The 1967 Arab-Israeli war devastated Egypt’s economy. Israel had captured its oil wells in Sinai and closed the Suez Canal and Egypt diverted government spending into a war economy. In 1973, after a partial victory against Israel, Sadat initiated his economic infitah (opening) to attract foreign investment, and the oil boom in the Gulf sent millions of Egyptians there to work. The money they sent home rose from $128 million in 1973 to $2.1 billion in 1981-2 by official estimates. By the 1980s, the oil boom had faded, remittances fell and Egypt’s economy faced a crisis worsened by a balance of payments deficit, a debt of nearly $40 billion by 1987, and the need to import huge amounts of food to feed its increasing population.


4000 BC Oldest archaeological records of ancient Egyptian civilization.
341 BC Last native dynasty falls to the Persians, who are in turn replaced by Greeks, Romans, Byzantines and Arabs (who introduced Arabic and Islam).
1250 Mamluk empire rules Egypt.
1517 Ottoman Turks control Egypt.
1798 Napoleon leads French invasion.
1882 Britain occupies Egypt.
1914-1922 British protectorate.
1936 Treaty strengthens Egyptian autonomy, but Britain retains effective control.
1940-42 Britain fights Italy and Germany from Egypt.
1948 Egypt joins war against Israel.
1951 Egypt abrogates 1936 treaty.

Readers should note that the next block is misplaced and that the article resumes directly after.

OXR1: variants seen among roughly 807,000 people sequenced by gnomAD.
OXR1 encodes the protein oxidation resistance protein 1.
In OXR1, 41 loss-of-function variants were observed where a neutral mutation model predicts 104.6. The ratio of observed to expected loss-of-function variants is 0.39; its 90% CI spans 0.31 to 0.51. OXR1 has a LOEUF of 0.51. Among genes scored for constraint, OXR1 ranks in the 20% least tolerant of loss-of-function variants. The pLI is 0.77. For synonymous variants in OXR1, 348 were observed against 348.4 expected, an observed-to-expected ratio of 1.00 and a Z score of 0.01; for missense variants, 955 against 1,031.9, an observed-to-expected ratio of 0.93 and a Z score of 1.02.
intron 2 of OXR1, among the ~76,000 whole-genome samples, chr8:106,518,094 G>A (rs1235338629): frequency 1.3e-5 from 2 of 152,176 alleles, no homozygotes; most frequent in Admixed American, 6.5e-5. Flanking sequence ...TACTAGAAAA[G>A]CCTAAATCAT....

1952 July 23 revolution led by Free Officers forces King Faruq to abdicate.
1953 Egyptian Republic proclaimed June 18 under President Maj. Gen. Muhammad Naguib.
1954 Lt. Col Gamal Abdel Nasser deposes Naguib and becomes premier.
1956 Nasir elected president. Suez War with Israel, Britain and France. Women gain the right to vote.
1961 Eighty percent of Egyptian industry nationalized.
1967 Arab-Israeli War. Israel captures Sinai Peninsula and Gaza Strip.
1970 Nasser dies. Anwar al-Sadat becomes president.
1971 Aswan High Dam project, begun in 1960, is completed; provides water to irrigate more than a million acres of land.
1972 Sadat orders 20,000 Soviet military advisers and personnel to leave Egypt.
1973 October War with Israel. Egyptian surprise attack, partial victory.
1974 Infitah policy of economic opening to the West begins.
1977 Bread riots in Cairo. Sadat visits Jerusalem in November.
1981 Sadat crackdown on Islamists and other opposition forces; Islamist militants assassinate him October 6. Husni Mubarak assumes presidency October 14.
1985 US intercepts Egyptian airliner carrying hijackers of the Achille Lauro.
1986 Security police conscripts riot in Cairo; over 100 killed, 700 injured.

Sources: Middle East Research Institute, University of Pennsylvania, Egypt (Dover, New Hampshire: Croom Helm, 1985); EIU Regional Review: The Middle East and North Africa, 1986 (London, Economist Publications, 1986); World Resources Institute, World Resources 1986 (New York: Basic Books, 1986); World Bank; Richard Adams, Development and Social Change in Rural Egypt (Syracuse: Syracuse University Press, 1986); Joel Beinin, Alan Richards, “Egypt,” Colliers Encyclopedia (forthcoming); The World Almanac and Book of Facts, 1987.

How to cite this article:

Martha Wenger "Egypt: A Primer," Middle East Report 147 (July/August 1987).